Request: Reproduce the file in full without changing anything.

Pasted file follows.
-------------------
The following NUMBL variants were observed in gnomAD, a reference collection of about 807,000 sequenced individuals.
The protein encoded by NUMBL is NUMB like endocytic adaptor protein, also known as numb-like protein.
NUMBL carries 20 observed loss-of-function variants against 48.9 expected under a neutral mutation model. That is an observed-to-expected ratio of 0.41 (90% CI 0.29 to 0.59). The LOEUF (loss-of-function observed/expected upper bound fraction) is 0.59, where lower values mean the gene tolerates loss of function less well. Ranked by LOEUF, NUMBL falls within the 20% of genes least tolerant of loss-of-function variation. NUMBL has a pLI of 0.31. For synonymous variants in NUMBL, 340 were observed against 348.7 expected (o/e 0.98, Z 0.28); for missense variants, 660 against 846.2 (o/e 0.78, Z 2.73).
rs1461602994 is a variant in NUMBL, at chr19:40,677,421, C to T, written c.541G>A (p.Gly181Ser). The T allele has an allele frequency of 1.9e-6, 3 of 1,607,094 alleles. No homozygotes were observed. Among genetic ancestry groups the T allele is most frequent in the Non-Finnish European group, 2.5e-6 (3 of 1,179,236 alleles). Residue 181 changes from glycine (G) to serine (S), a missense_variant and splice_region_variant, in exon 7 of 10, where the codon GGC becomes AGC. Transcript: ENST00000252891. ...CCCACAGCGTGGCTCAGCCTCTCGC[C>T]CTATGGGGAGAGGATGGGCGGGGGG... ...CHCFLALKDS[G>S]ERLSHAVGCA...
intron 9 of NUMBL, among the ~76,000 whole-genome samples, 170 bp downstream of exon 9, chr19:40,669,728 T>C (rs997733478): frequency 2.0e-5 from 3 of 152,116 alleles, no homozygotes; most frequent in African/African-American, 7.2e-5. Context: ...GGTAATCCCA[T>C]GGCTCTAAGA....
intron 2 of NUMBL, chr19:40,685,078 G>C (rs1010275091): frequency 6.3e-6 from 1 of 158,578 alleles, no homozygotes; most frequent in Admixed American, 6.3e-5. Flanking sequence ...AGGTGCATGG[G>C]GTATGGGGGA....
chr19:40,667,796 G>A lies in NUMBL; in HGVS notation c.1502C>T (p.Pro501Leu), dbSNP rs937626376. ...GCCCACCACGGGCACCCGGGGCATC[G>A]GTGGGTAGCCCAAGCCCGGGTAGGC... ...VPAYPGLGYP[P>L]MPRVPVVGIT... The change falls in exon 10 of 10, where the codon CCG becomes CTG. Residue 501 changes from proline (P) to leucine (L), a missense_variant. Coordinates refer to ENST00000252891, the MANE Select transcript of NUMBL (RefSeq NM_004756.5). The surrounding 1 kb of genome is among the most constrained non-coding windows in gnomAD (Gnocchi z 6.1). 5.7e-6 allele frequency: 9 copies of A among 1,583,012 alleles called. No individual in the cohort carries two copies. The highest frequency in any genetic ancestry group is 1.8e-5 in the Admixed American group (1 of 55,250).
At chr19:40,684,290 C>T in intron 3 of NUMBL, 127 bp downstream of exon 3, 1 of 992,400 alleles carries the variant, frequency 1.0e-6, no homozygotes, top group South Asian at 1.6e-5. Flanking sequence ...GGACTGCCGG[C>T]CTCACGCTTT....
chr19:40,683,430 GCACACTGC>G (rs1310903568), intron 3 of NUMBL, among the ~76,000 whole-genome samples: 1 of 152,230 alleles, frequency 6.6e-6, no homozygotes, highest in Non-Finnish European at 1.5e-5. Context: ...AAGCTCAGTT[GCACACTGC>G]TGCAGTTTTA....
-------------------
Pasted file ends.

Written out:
The following NUMBL variants were observed in gnomAD, a reference collection of about 807,000 sequenced individuals.
The protein encoded by NUMBL is NUMB like endocytic adaptor protein, also known as numb-like protein.
NUMBL carries 20 observed loss-of-function variants against 48.9 expected under a neutral mutation model. That is an observed-to-expected ratio of 0.41 (90% CI 0.29 to 0.59). The LOEUF (loss-of-function observed/expected upper bound fraction) is 0.59, where lower values mean the gene tolerates loss of function less well. Ranked by LOEUF, NUMBL falls within the 20% of genes least tolerant of loss-of-function variation. NUMBL has a pLI of 0.31. For synonymous variants in NUMBL, 340 were observed against 348.7 expected (o/e 0.98, Z 0.28); for missense variants, 660 against 846.2 (o/e 0.78, Z 2.73).
rs1461602994 is a variant in NUMBL, at chr19:40,677,421, C to T, written c.541G>A (p.Gly181Ser). The T allele has an allele frequency of 1.9e-6, 3 of 1,607,094 alleles. No homozygotes were observed. Among genetic ancestry groups the T allele is most frequent in the Non-Finnish European group, 2.5e-6 (3 of 1,179,236 alleles). Residue 181 changes from glycine (G) to serine (S), a missense_variant and splice_region_variant, in exon 7 of 10, where the codon GGC becomes AGC. Transcript: ENST00000252891. ...CCCACAGCGTGGCTCAGCCTCTCGC[C>T]CTATGGGGAGAGGATGGGCGGGGGG... ...CHCFLALKDS[G>S]ERLSHAVGCA...
intron 9 of NUMBL, among the ~76,000 whole-genome samples, 170 bp downstream of exon 9, chr19:40,669,728 T>C (rs997733478): frequency 2.0e-5 from 3 of 152,116 alleles, no homozygotes; most frequent in African/African-American, 7.2e-5. Context: ...GGTAATCCCA[T>C]GGCTCTAAGA....
intron 2 of NUMBL, chr19:40,685,078 G>C (rs1010275091): frequency 6.3e-6 from 1 of 158,578 alleles, no homozygotes; most frequent in Admixed American, 6.3e-5. Flanking sequence ...AGGTGCATGG[G>C]GTATGGGGGA....
chr19:40,667,796 G>A lies in NUMBL; in HGVS notation c.1502C>T (p.Pro501Leu), dbSNP rs937626376. ...GCCCACCACGGGCACCCGGGGCATC[G>A]GTGGGTAGCCCAAGCCCGGGTAGGC... ...VPAYPGLGYP[P>L]MPRVPVVGIT... The change falls in exon 10 of 10, where the codon CCG becomes CTG. Residue 501 changes from proline (P) to leucine (L), a missense_variant. Coordinates refer to ENST00000252891, the MANE Select transcript of NUMBL (RefSeq NM_004756.5). The surrounding 1 kb of genome is among the most constrained non-coding windows in gnomAD (Gnocchi z 6.1). 5.7e-6 allele frequency: 9 copies of A among 1,583,012 alleles called. No individual in the cohort carries two copies. The highest frequency in any genetic ancestry group is 1.8e-5 in the Admixed American group (1 of 55,250).
At chr19:40,684,290 C>T in intron 3 of NUMBL, 127 bp downstream of exon 3, 1 of 992,400 alleles carries the variant, frequency 1.0e-6, no homozygotes, top group South Asian at 1.6e-5. Flanking sequence ...GGACTGCCGG[C>T]CTCACGCTTT....
chr19:40,683,430 GCACACTGC>G (rs1310903568), intron 3 of NUMBL, among the ~76,000 whole-genome samples: 1 of 152,230 alleles, frequency 6.6e-6, no homozygotes, highest in Non-Finnish European at 1.5e-5. Context: ...AAGCTCAGTT[GCACACTGC>G]TGCAGTTTTA....